At the risk of overgeneralizing, why is it that cheapie musicals are so much more charming to watch on-screen than they are when some friend invites you to whatever way-Off-Broadway show they’ve managed to get mixed up in? Heck, these tiny film projects are often more endearing than the relatively big-budget ones the Hollywood studios produce. I’ll take “Colma” over “Cats” any day, and would watch “Once” 10 times before sitting through “Into the Woods” again.
Big and bombastic works great onstage but tends to look garish and awkward on-screen, whereas scrappy tuners somehow feel more sincere when the camera can go in for a close-up, à la “Hedwig and the Angry Inch” and “Hello Again.” That strategy — of letting the actors’ faces sell the emotion behind frequently corny lyrics — saves the day in Jack Danini’s “Ode to Passion,” a micro-budget contemporary rock musical conceived for the screen that could only work in that context. Not as a concert (the songs aren’t good enough) and not onstage (the book’s as thin as they come). But as an indie movie, available via Amazon Prime, the project turns the earnestness of all involved into an asset. Plus, it’s written in rhyming verse, which, more than a gimmick, suits its old-fashioned, faux-chivalrous sense of romance.
Allegedly 20 years in the making, “Ode to Passion” is simultaneously a celebration of love at first sight and a more jaded look at the way relationships play out. It’s not as ingenious as Jason Robert Brown’s “The Last Five Years,” which set its core couple moving in opposite directions. But “Ode” is ultimately deeper and wiser than its instant-infatuation opening suggests. A great deal of that grounding can be chalked up to life experience, although writer-director Danini also introduces an element of Christianity that will turn off some. That dimension struck me as rather refreshing, considering that the majority of Americans identify as believers, but so few movies acknowledge the role that faith plays in people’s lives.
This romance ends at the altar, but not at all as I expected. As for openings, Danini couldn’t be bothered to cook up a meet-cute. Instead, Michael (Giuseppe Bausilio, who played the lead in Broadway’s “Billy Elliot”) spies Anna (Julia Nightingale of “The Ferryman”) from across the room at a New York party and, after bombarding her with questions over the course of the night, concludes, “She will be my wife!”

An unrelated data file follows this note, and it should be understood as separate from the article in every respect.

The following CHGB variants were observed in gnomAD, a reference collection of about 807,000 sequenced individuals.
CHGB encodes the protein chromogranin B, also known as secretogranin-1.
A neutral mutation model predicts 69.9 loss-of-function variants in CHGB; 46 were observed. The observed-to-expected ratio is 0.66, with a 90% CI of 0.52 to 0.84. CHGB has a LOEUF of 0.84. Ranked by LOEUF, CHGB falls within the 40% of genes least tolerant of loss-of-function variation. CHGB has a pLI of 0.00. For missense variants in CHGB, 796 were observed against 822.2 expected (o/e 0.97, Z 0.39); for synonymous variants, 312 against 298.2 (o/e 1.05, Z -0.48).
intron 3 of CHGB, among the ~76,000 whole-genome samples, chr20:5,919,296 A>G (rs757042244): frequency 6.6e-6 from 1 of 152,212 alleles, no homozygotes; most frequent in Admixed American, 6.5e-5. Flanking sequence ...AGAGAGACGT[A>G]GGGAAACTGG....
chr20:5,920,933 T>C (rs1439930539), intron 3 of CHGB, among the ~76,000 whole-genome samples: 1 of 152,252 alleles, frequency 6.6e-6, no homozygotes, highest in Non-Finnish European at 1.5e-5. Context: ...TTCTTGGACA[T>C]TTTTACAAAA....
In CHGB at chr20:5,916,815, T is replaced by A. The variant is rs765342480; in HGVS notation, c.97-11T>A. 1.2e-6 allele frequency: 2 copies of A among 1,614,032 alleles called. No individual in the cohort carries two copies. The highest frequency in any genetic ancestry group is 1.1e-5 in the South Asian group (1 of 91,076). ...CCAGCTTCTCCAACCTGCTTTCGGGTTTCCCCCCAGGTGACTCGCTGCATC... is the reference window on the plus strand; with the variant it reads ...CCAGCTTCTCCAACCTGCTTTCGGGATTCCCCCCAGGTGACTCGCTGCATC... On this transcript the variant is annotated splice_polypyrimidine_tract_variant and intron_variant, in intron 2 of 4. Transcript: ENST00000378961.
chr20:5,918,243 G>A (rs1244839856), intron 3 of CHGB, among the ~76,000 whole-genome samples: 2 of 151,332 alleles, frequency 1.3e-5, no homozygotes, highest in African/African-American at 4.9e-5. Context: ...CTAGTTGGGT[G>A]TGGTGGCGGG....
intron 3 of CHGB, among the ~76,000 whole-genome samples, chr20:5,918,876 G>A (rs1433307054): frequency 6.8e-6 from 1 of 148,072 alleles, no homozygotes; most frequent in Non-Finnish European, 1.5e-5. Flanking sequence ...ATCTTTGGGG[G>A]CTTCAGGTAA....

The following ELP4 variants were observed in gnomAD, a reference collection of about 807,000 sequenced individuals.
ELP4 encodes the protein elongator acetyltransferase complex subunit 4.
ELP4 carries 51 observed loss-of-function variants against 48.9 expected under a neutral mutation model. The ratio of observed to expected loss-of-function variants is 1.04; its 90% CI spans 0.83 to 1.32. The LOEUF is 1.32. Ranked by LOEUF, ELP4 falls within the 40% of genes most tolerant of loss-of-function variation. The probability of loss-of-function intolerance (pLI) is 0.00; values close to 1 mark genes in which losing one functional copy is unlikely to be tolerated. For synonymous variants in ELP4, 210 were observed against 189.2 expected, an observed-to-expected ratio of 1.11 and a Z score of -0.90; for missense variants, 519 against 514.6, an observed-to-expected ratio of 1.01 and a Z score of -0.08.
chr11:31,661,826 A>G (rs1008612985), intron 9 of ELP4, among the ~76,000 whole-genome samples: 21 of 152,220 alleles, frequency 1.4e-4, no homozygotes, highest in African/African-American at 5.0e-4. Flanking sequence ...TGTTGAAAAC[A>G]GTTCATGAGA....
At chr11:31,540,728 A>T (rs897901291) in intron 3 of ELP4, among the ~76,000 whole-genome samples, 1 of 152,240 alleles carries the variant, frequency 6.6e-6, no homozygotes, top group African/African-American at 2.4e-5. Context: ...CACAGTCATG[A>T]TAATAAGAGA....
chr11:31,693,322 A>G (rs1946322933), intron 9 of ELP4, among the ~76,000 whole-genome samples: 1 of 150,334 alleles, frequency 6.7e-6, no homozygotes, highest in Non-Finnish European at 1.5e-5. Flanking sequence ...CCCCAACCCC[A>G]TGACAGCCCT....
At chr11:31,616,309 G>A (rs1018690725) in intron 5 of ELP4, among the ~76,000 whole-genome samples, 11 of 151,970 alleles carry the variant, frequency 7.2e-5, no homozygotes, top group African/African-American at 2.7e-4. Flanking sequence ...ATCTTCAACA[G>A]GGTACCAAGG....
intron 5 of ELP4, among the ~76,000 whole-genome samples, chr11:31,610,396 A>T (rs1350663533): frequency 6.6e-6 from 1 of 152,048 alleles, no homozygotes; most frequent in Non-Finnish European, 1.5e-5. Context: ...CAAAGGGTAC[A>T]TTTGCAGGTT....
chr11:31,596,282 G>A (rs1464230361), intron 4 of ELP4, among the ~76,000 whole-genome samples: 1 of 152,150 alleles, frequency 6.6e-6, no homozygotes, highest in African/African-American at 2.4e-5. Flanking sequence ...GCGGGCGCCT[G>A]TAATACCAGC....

What Michael, who’s smitten by Anna’s beauty, doesn’t realize is that she has daddy issues, a drug problem and, it would seem, a weakness for the kind of co-dependency he’s selling. The movie doesn’t psychoanalyze, though it’s fair to conclude that Anna’s looking for someone to give her the attention her father withheld. And lest we let him off easy, Michael’s a patriarchal Cro-Magnon who wants to “save” her — code for transforming Anna into the kind of trophy ideal he mistook her for at the outset. “Ode to Passion” presents this dynamic far more simplistically: She has addiction issues, and his concern alone won’t cut it. Or as best friends John (Jeff Smith) and Richy (Marcus Harmon) put it: “The girl gets around, if you get my drift.” / “You mean that she takes Uber, taxis and Lyft?”
While Michael and Anna are trying to sort out their feelings, the movie surrounds them with skeptics. In addition to John (Jeff Smith), a frustrated writer, there’s Anna’s roommate Alexa (Victoria Meade), described as a “bad influence,” but really a sexually empowered woman who has bigger dreams than any of them. The movie’s gender politics are retrograde at best, and I misread metrosexual John as gay for a good stretch of the movie (those pants!), only to conclude that his relationship is the more interesting one.
When a movie wears its heart on its sleeve like this, audiences must decide: Either embrace the sincerity and go along for the ride, or fall back on irony and sarcasm — in which case, “Ode to Passion” starts to look like this year’s “The Room,” a juicy target for cheap-shot jokes. Still, it’s hard not to admire what Danini and company have achieved. Yoo Soo Kim’s arrangements of the film’s 19 original songs sound great, even if only one or two — like the “Rent”-indebted “Afraid of Love” — are memorable enough to find a life beyond the film. And Darren Joe’s widescreen cinematography does more than just flatter the actors, finding dynamic ways to shoot in tough New York locations, including Times Square and the interior of the Church of the Blessed Sacrament on the Upper West Side.
That’s the place where Danini’s film concludes.
More than two hours have passed, and countless moods.
Until now, it has hewed close to cliché.
Then bam! The script opts to go its own way.
What began with a priest saving a man,
Now ends with a struggle to understand.
As titles go, “Ode to Passion” feels rough,
Compared with “Elegy for Puppy Love.”